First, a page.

Horrified, she and other community members rallied to stop the project. They organized and held well-attended meetings on the Fly. When then-council member LaToya Cantrell held a meeting for public comment about the project at City Hall in 2016, so many people wanted to speak on behalf of the Fly that the meeting lasted four hours. “Every type of person you can imagine spoke of their experiences. There were psychologists from Children’s Hospital who walked along the Fly to decompress, families, teachers, everybody had a story about how connected they were to the place,” says Petrosini. “The people from Audubon were there, and Forman, at the end of the meeting, went up to the mayor and said—though I can’t quote him exactly—‘this was fine and good, but you know it’s our decision.’ And that’s exactly the way it works.”
On the road to such unilateral decision-making power, Forman has met with his share of critics. In 1988, then-Councilmember Joseph I. Giarrusso (grandfather of current council member Joseph III), in a rare example of someone within the political elite willing to speak out publicly against Forman, shared some of his reservations about his leadership in a letter to the Times-Picayune. “The zoo director [Forman] and his assistant [Dale Stastny] — by fiat of the Audubon Park Commission — have been awarded fringe benefits so far in excess of any other public employee as to be absurd.” Giarrusso voted against handing Audubon operations to the Institute, calling it a “power grab.” And in the ’90s, he would repeatedly call upon the Audubon Commission to share some of its admissions and property tax revenue with City government, but was generally rebuffed and told that legal advisors said the funds couldn’t be so easily transferred, according to City archival records. In 1992, Forman wrote to Giarrusso, granting him and his family honorary memberships to the zoo and aquarium. It appears the membership cards were never detached from the accompanying letter.
Giarrusso had also frequently called Forman’s exorbitant salary into question, as would others in the decades since he’s left office. As of 2019, Forman was receiving more than $563,000 from the Audubon Nature Institute, plus more than $182,000 in “other compensation from the organization and related organizations,” according to a federal filing. A report from the 2020 New Orleans Office of the Inspector General looked at Forman’s pay compared to other cultural institutions around the country and found that “some of the executive compensation could be gratuitous.”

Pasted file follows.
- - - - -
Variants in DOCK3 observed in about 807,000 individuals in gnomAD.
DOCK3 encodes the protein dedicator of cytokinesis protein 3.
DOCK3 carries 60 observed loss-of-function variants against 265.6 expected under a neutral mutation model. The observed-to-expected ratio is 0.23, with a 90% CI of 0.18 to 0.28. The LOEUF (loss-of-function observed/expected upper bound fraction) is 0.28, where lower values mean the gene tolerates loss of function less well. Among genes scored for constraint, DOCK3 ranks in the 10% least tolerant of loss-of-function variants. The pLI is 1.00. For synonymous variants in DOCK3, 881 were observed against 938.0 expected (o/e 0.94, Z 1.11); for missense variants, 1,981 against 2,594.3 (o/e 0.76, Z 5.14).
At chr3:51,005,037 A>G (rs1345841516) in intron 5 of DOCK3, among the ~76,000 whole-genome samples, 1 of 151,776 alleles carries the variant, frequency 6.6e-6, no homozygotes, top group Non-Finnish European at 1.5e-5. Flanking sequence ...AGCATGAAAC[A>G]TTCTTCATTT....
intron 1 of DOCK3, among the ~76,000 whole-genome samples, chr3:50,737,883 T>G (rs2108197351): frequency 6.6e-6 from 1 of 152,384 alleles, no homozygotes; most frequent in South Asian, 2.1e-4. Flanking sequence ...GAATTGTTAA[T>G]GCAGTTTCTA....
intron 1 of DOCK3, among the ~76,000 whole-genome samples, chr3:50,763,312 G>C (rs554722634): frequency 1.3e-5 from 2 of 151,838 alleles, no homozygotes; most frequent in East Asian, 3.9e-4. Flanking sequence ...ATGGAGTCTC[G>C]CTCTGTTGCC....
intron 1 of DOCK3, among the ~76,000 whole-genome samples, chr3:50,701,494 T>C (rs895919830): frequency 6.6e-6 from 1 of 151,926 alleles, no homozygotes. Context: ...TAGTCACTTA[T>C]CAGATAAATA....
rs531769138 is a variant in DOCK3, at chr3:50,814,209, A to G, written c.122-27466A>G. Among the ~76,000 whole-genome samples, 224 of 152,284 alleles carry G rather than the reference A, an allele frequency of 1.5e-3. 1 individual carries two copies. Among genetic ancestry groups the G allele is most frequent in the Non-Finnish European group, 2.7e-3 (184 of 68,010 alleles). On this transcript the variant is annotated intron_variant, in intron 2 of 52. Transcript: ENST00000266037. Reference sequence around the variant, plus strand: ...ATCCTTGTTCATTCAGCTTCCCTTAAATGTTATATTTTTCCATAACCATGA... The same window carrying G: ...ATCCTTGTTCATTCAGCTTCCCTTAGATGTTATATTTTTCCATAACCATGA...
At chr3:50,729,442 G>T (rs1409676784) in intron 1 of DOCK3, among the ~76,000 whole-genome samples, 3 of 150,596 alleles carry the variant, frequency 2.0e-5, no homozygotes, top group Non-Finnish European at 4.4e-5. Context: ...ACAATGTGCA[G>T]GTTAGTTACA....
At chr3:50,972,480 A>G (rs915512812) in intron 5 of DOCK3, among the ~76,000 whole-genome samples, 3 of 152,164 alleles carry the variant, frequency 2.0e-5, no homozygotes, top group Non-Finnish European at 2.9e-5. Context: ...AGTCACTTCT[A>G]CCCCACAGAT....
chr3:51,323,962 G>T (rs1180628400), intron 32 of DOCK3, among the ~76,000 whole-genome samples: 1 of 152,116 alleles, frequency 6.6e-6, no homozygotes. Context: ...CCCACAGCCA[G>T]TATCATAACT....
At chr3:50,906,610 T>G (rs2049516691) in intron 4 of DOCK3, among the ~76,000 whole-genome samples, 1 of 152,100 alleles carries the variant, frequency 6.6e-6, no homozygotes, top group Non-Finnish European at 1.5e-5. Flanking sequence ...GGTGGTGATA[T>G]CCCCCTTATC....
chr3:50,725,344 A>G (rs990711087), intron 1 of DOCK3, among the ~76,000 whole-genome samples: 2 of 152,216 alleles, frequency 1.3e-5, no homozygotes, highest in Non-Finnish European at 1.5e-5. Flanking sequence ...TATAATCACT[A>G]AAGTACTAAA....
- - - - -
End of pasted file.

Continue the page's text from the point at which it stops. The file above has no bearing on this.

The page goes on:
But his most vocal critics tend to come from outside Forman’s immediate spheres of influence, chief among them the woman who can only be described as Forman’s nemesis. If Save Audubon Park founder Debra Howell had been a journalist, she would be to Ron Forman what David Hammer has been to Irvin Mayfield. Ever since 20012this has been updated from the print version, which stated the year 2003, when the Audubon Institute unilaterally bulldozed into Audubon Park to build an executive golf course, Howell has dogged Forman’s heels by keeping an eye on his developments and sorting out fact from fiction in the Institute’s financials. Through all the encroachments, land appropriations, and blatant disregard for the public’s right to participate in deciding the fate of public land, Howell’s website has been there to arm people with the information they need to protect public space. Howell was there when Petrosini needed resources to fight Forman for the fly; and when ANTIGRAVITY came to her with questions, she was ready with a flash drive full of documents. How did one woman come to learn so much about the dealings of one man? “It all started with the golf course,” she says, “and my naive belief that when wrongs were pointed out to people in power they would listen and make changes.”